The reviews thus far are infamously horrendous, evidence to the fact that RIM was rushing to compete in the tablet market, but soon may not be competing at all.
The PlayBook has a lot of mini-strikes against it; let's call those foul balls. For instance, the tablet shipped with no integrated e-mail, contacts, or calendaring -- essential tools for just about any wireless-connected device -- and BlackBerry's app selection is laughable. But now major wireless carriers and media outlets are inching away from the PlayBook, a move that all but signs RIM's death warrant.
The first big strike was when AT&T pulled the plug on the BlackBerry Bridge app. RIM made its name in the enterprise on e-mail, but because the PlayBook doesn't have native e-mail capabilities, it requires the BlackBerry Bridge app to, you know, function. Though RIM promises to bring e-mail to the PlayBook later this year, by that time there's a good chance RIM will be removing the PlayBook from retail shelves.
But hold on a second: the PlayBook may not make it to big name retail shelves in the first place. That's the PlayBook's second strike: even though RIM was psyched that its tablet would eventually operate on Verizon's 4G network, Verizon is "meh" about the deal. A company spokesperson told Reuters that Verizon is "still evaluating" the tablet and hasn't determined whether they plan on distributing it.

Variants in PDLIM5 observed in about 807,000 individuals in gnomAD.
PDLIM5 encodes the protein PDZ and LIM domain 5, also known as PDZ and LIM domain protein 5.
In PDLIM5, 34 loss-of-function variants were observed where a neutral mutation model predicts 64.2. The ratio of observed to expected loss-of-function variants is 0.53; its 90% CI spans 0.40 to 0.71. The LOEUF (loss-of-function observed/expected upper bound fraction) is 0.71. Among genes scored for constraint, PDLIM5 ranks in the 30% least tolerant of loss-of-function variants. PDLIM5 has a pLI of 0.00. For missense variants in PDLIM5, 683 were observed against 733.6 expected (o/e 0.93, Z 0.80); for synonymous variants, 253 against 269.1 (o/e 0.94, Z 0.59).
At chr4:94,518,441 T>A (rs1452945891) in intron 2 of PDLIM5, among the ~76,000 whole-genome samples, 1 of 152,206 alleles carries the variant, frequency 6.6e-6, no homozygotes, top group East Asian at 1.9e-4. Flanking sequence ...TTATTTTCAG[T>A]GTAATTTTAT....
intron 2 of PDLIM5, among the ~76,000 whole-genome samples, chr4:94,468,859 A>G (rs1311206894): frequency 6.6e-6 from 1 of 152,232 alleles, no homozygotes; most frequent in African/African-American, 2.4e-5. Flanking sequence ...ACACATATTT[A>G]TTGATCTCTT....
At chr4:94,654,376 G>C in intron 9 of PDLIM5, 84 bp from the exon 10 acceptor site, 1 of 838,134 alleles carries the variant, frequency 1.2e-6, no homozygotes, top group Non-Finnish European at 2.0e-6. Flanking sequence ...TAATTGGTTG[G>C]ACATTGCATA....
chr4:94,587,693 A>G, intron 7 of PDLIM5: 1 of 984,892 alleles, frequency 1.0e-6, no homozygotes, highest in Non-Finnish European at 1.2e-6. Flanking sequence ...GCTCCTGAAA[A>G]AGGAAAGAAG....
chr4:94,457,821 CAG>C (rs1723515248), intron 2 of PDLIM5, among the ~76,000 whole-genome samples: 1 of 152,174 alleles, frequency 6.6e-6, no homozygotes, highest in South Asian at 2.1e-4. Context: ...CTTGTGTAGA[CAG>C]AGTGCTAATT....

So, let's see. Without email or a high-speed 4G network, you can still enjoy the PlayBook's sharp display to view Web media, right? Maybe not. Hulu just blocked the PlayBook's access to its streaming content. While this isn't too much of a surprise, when you remove AT&T, Verizon and major media channels like Hulu from the PlayBook's ugly equation, RIM doesn't appear to stand much of a chance at making it out of the little leagues, and in fact, may never live down the embarrassment of the PlayBook's failure, should this pessimistic trend continue.